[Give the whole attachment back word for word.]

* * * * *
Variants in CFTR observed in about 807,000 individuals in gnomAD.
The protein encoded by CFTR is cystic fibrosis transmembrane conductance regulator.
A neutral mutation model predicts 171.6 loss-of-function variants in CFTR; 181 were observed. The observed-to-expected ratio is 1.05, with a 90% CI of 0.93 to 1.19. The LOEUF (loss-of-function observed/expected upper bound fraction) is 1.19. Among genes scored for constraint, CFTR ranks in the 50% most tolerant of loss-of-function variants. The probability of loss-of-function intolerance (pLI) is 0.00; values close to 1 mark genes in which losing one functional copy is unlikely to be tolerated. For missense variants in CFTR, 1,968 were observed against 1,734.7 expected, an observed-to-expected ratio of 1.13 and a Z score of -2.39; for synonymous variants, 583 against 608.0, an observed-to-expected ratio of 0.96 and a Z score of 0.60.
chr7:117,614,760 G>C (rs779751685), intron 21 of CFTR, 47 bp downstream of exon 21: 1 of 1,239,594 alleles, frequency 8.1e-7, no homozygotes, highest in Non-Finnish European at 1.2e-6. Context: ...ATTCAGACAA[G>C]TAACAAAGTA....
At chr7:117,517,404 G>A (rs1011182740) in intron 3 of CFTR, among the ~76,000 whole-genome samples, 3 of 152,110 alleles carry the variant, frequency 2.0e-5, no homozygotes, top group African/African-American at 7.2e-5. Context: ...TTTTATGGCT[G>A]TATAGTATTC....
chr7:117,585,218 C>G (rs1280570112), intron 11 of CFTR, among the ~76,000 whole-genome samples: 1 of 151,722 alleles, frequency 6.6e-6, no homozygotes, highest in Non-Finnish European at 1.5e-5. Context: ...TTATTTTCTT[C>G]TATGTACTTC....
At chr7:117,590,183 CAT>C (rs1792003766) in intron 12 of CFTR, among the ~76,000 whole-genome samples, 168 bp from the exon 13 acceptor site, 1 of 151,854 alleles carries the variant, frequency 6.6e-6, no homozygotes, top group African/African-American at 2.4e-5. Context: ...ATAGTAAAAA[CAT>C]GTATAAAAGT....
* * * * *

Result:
Variants in CFTR observed in about 807,000 individuals in gnomAD.
The protein encoded by CFTR is cystic fibrosis transmembrane conductance regulator.
A neutral mutation model predicts 171.6 loss-of-function variants in CFTR; 181 were observed. The observed-to-expected ratio is 1.05, with a 90% CI of 0.93 to 1.19. The LOEUF (loss-of-function observed/expected upper bound fraction) is 1.19. Among genes scored for constraint, CFTR ranks in the 50% most tolerant of loss-of-function variants. The probability of loss-of-function intolerance (pLI) is 0.00; values close to 1 mark genes in which losing one functional copy is unlikely to be tolerated. For missense variants in CFTR, 1,968 were observed against 1,734.7 expected, an observed-to-expected ratio of 1.13 and a Z score of -2.39; for synonymous variants, 583 against 608.0, an observed-to-expected ratio of 0.96 and a Z score of 0.60.
chr7:117,614,760 G>C (rs779751685), intron 21 of CFTR, 47 bp downstream of exon 21: 1 of 1,239,594 alleles, frequency 8.1e-7, no homozygotes, highest in Non-Finnish European at 1.2e-6. Context: ...ATTCAGACAA[G>C]TAACAAAGTA....
At chr7:117,517,404 G>A (rs1011182740) in intron 3 of CFTR, among the ~76,000 whole-genome samples, 3 of 152,110 alleles carry the variant, frequency 2.0e-5, no homozygotes, top group African/African-American at 7.2e-5. Context: ...TTTTATGGCT[G>A]TATAGTATTC....
chr7:117,585,218 C>G (rs1280570112), intron 11 of CFTR, among the ~76,000 whole-genome samples: 1 of 151,722 alleles, frequency 6.6e-6, no homozygotes, highest in Non-Finnish European at 1.5e-5. Context: ...TTATTTTCTT[C>G]TATGTACTTC....
At chr7:117,590,183 CAT>C (rs1792003766) in intron 12 of CFTR, among the ~76,000 whole-genome samples, 168 bp from the exon 13 acceptor site, 1 of 151,854 alleles carries the variant, frequency 6.6e-6, no homozygotes, top group African/African-American at 2.4e-5. Context: ...ATAGTAAAAA[CAT>C]GTATAAAAGT....